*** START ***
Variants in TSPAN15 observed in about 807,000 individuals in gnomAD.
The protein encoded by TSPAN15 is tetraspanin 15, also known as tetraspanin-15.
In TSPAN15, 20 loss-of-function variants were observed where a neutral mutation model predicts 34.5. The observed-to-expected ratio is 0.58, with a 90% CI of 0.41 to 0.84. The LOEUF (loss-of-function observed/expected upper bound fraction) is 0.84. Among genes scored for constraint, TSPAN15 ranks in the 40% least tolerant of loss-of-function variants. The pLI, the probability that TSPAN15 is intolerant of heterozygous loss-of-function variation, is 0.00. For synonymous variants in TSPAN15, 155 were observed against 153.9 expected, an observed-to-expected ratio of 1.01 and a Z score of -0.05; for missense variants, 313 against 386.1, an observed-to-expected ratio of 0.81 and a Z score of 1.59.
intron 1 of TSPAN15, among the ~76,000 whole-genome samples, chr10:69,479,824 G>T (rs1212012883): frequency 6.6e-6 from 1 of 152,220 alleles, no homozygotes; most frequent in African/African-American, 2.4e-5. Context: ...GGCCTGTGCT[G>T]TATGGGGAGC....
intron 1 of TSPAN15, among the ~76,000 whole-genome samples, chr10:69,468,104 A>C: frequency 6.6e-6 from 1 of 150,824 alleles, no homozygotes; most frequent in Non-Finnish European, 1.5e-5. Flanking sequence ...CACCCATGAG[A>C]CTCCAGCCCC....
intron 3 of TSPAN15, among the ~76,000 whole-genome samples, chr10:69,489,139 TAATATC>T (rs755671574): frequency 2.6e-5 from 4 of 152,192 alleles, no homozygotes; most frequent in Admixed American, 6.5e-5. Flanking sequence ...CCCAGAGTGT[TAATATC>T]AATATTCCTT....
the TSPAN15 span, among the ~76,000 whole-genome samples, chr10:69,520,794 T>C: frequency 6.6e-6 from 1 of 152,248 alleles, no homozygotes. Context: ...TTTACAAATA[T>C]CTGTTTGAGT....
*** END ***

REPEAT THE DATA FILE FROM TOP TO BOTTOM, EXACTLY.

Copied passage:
Variants in TSPAN15 observed in about 807,000 individuals in gnomAD.
The protein encoded by TSPAN15 is tetraspanin 15, also known as tetraspanin-15.
In TSPAN15, 20 loss-of-function variants were observed where a neutral mutation model predicts 34.5. The observed-to-expected ratio is 0.58, with a 90% CI of 0.41 to 0.84. The LOEUF (loss-of-function observed/expected upper bound fraction) is 0.84. Among genes scored for constraint, TSPAN15 ranks in the 40% least tolerant of loss-of-function variants. The pLI, the probability that TSPAN15 is intolerant of heterozygous loss-of-function variation, is 0.00. For synonymous variants in TSPAN15, 155 were observed against 153.9 expected, an observed-to-expected ratio of 1.01 and a Z score of -0.05; for missense variants, 313 against 386.1, an observed-to-expected ratio of 0.81 and a Z score of 1.59.
intron 1 of TSPAN15, among the ~76,000 whole-genome samples, chr10:69,479,824 G>T (rs1212012883): frequency 6.6e-6 from 1 of 152,220 alleles, no homozygotes; most frequent in African/African-American, 2.4e-5. Context: ...GGCCTGTGCT[G>T]TATGGGGAGC....
intron 1 of TSPAN15, among the ~76,000 whole-genome samples, chr10:69,468,104 A>C: frequency 6.6e-6 from 1 of 150,824 alleles, no homozygotes; most frequent in Non-Finnish European, 1.5e-5. Flanking sequence ...CACCCATGAG[A>C]CTCCAGCCCC....
intron 3 of TSPAN15, among the ~76,000 whole-genome samples, chr10:69,489,139 TAATATC>T (rs755671574): frequency 2.6e-5 from 4 of 152,192 alleles, no homozygotes; most frequent in Admixed American, 6.5e-5. Flanking sequence ...CCCAGAGTGT[TAATATC>T]AATATTCCTT....
the TSPAN15 span, among the ~76,000 whole-genome samples, chr10:69,520,794 T>C: frequency 6.6e-6 from 1 of 152,248 alleles, no homozygotes. Context: ...TTTACAAATA[T>C]CTGTTTGAGT....